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Several CD123-targeted therapies have been in development following the FDA’s 2018 approval of tagraxofusp for the treatment of blastic plasmacytoid dendritic cell neoplasm (BPDCN), but important questions remain when it comes to targeting CD123 in myeloid malignancies.
CD123, the alpha chain of the interleukin (IL)-3 receptor, has emerged as an attractive cell surface target in leukemia therapy. Several CD123-targeted therapies have been in development following the FDA’s 2018 approval of the first-in-class CD123 targeting agent tagraxofusp (Tagraxofusp-erzs, Elzonris, Stemline Therapeutic) for treatment of the rare hematologic malignancy BPDCN.
But important questions remain when it comes to targeting CD123 in myeloid malignancies, Andrew A. Lane, M.D., Ph.D., associate professor of medical oncology at Dana-Farber Cancer Institute and associate professor of medicine at Harvard Medical School, wrote in his paper “Targeting CD123 in AML,” published Sept. 1, 2020 in Clinical Lymphoma, Myeloma and Leukemia.
About BPDCN and why dermatologists often see these patients first
BPDCN was previously known as natural killer cell leukemia/lymphoma, but the World Health Organization (WHO) later named it blastic plasmacytoid dendritic cell neoplasm and, in 2016, listed BPDCN in its own category.
BPDCN often presents with features of both lymphoma and leukemia. Average age of diagnosis is between 60 and 70 years and patients are predominately male. But it does occur in children, according to the Leukemia and Lymphoma Society.
Dermatologists often encounter people with BPDCN who have yet to be diagnosed. That is because while BPDCN is a hematologic cancer, 90% of patients have skin involvement and 50% have disease detectable only in the skin at presentation. Those skin lesions can remain despite complete responses at other sites, including bone marrow.
“Nearly all patients with BPDCN have prominent skin involvement, with cutaneous infiltration occupying the dermis and subcutis,” Dr. Lane and coauthors wrote in a metagenomic analysis of microbial associations with BPDCN published earlier this year in Blood Advances.
About CD123, tagraxofusp
CD123 heterodimerizes with CD131 to form the active IL3 receptor complex. It expresses uniformly and highly on all BPDCNs and a pathognomonic marker of the disease. CD123 expresses in about 80% of acute myeloid leukemias and in some other myeloid neoplasms, Dr. Lane wrote in Clinical Lymphoma, Myeloma and Leukemia.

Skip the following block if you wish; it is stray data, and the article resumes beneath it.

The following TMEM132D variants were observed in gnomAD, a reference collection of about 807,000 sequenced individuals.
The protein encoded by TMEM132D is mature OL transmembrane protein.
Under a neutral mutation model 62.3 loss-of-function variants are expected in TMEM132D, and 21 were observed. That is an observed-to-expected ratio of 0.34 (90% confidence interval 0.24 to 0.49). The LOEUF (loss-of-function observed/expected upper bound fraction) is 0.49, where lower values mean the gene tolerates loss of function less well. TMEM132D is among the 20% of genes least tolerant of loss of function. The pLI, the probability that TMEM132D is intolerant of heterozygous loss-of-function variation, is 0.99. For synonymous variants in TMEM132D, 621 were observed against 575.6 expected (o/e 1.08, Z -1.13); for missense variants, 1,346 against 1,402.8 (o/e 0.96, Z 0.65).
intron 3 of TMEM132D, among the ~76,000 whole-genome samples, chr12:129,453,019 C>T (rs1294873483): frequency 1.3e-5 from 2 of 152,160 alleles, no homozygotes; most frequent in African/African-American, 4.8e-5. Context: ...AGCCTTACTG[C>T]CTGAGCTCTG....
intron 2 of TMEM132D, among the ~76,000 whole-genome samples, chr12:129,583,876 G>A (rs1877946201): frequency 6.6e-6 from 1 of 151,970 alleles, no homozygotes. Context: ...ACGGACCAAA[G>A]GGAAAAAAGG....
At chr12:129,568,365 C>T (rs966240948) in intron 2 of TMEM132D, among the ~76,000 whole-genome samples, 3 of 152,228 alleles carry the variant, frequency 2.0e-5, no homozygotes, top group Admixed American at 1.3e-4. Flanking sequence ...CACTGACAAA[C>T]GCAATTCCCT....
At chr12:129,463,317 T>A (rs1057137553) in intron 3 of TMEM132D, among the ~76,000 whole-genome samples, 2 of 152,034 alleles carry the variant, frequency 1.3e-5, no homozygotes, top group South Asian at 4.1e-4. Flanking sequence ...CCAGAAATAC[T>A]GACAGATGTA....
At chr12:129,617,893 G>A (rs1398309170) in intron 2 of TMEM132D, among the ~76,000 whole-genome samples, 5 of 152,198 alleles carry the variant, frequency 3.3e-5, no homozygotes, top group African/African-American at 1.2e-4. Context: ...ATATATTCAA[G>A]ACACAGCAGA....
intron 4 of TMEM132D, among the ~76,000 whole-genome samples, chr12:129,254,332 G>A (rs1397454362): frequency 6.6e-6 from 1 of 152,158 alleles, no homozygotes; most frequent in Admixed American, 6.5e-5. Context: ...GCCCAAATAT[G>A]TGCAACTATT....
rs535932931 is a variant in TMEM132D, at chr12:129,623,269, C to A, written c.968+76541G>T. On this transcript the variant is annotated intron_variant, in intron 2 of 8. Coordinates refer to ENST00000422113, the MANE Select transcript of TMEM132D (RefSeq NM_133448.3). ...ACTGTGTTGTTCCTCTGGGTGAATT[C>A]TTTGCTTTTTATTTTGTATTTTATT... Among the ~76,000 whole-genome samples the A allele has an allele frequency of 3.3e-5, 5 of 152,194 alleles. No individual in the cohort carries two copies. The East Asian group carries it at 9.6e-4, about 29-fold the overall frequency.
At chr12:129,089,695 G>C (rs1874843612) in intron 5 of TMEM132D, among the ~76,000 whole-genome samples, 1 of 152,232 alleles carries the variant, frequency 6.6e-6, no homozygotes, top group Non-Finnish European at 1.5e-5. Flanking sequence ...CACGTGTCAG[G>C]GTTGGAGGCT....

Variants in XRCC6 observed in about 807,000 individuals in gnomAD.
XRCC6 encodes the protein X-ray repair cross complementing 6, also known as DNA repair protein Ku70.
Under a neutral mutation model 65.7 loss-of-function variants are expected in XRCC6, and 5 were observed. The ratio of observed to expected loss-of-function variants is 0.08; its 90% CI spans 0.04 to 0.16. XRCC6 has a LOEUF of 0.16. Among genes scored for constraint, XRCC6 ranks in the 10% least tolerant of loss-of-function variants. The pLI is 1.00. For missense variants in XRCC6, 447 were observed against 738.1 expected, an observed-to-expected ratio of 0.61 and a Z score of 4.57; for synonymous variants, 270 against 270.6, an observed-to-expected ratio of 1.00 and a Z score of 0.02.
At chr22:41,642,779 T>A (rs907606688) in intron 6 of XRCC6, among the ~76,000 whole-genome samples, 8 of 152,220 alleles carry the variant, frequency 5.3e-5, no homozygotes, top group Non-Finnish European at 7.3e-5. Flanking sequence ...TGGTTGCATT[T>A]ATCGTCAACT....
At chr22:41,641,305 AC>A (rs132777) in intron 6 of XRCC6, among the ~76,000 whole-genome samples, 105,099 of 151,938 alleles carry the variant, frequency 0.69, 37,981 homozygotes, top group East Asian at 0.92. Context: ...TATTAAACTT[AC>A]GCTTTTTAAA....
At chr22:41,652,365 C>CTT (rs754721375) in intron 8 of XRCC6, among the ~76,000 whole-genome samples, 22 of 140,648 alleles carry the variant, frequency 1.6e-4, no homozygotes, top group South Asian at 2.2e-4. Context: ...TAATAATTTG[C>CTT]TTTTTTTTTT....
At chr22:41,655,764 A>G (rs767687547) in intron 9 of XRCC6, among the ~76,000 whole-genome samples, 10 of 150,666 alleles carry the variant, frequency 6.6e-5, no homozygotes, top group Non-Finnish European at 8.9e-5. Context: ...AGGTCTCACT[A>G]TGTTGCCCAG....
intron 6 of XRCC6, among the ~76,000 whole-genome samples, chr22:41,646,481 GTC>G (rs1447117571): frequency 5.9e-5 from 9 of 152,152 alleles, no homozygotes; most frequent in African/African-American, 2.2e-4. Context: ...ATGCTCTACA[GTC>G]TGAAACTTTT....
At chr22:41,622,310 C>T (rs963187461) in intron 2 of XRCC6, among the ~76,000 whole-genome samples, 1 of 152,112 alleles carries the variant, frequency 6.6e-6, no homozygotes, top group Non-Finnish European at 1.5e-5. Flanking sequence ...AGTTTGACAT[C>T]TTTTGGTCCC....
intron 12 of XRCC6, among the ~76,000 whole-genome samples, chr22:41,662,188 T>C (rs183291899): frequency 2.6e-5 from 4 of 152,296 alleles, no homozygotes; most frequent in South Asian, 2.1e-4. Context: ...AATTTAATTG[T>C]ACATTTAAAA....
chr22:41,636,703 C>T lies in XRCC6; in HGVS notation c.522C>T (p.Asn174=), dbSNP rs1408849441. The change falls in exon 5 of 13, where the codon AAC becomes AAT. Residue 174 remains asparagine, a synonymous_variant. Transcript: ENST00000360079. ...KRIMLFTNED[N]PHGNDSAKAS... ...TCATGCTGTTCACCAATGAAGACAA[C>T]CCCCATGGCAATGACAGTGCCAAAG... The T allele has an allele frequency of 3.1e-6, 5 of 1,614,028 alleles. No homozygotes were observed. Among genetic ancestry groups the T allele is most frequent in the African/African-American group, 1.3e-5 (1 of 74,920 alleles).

Given by intravenous infusion, tagraxofusp is a recombinant fusion protein comprised of IL-3 linked to a truncated diphtheria toxin payload.
It targets and binds to the CD123 protein on the surface of BPDCN cells, is internalized and escapes endosomes into the cytoplasm, according to Dr. Lane.
“There, the [diphtheria] toxin subunit binds to eukaryotic elongation factor 2 (eEF2) and inhibits protein synthesis, resulting in cell death,” he wrote.
FDA based its approval of the drug on a phase 1/2 study of 47 BPDCN treatment-naïve or relapsed/refractory disease patients. Tagraxofusp induced a complete response or clinical complete response in 72% of treatment naïve patients and 45% of those went on to receive stem cell transplantation.
“About half of patients in the previously untreated group (52%) were still alive 2 years after the start of the trial,” according to Cancer.gov.“Among patients who had received previous treatment for BPDCN, 67% responded to tagraxofusp. The median length of response was 3 months. One patient in this group went on to receive a stem cell transplant.”
Among the common adverse events were an increase in liver enzymes, low albumin, swelling in the legs or other extremities and low platelets. About half of patients experienced serious adverse events, including 19% of participants who experienced capillary leak syndrome.
Interestingly, Dr. Lane wrote, resistance to tagraxofusp does not seem to be from CD123 downregulation, loss or modification.
Tagraxofusp-resistant cells have decreased sensitivity not to CD123 loss but rather to cell death induced by diphtheria toxin, specifically decreased DPH1 expression, he wrote.
“In the same [tagraxofusp]-resistant cells, treatment with DNA hypomethylating agents, such as azacytidine, reverses the hypermethylation of DPH1, increases DPH1 expression, and restores sensitivity to [tagraxofusp],” according to Dr. Lane.
Many CD123-targeted therapies are in the pipeline. Some are being studied as monotherapy; some in combination trials.
Among the important questions that remain about CD123-targeting agents, according to Dr. Lane, are: “What determines sensitivity to CD123 targeted agents?
Is the significant single-agent activity of TAG in BPDCN simply related to high target expression or are there other biomarkers such as genetics, lineage or maturation state, or baseline diphthamide pathway activity that also contribute to sensitivity?
Do we need a more standardized method for quantitating CD123 surface expression, as this is currently done differently across centers?
The half-life of [tagraxofusp] is short — will more sustained pressure on CD123 with longer-acting agents result in more significant myelosuppression and/or more likelihood of CD123-negative escape?
Will immune-based CD123-targeted therapies such as bispecific T cell engagers or CAR-T cells have different mechanisms of resistance?”
Disclosures: Dr. Lane has received research support from AbbVie and Stemline Therapeutics and consulting fees from N-of-One/Qiagen.
Lane AA. Targeting CD123 in AML. Clin Lymphoma Myeloma Leuk. 2020 Sep;20 Suppl 1:S67-S68. doi: 10.1016/S2152-2650(20)30466-3. PMID: 32862874.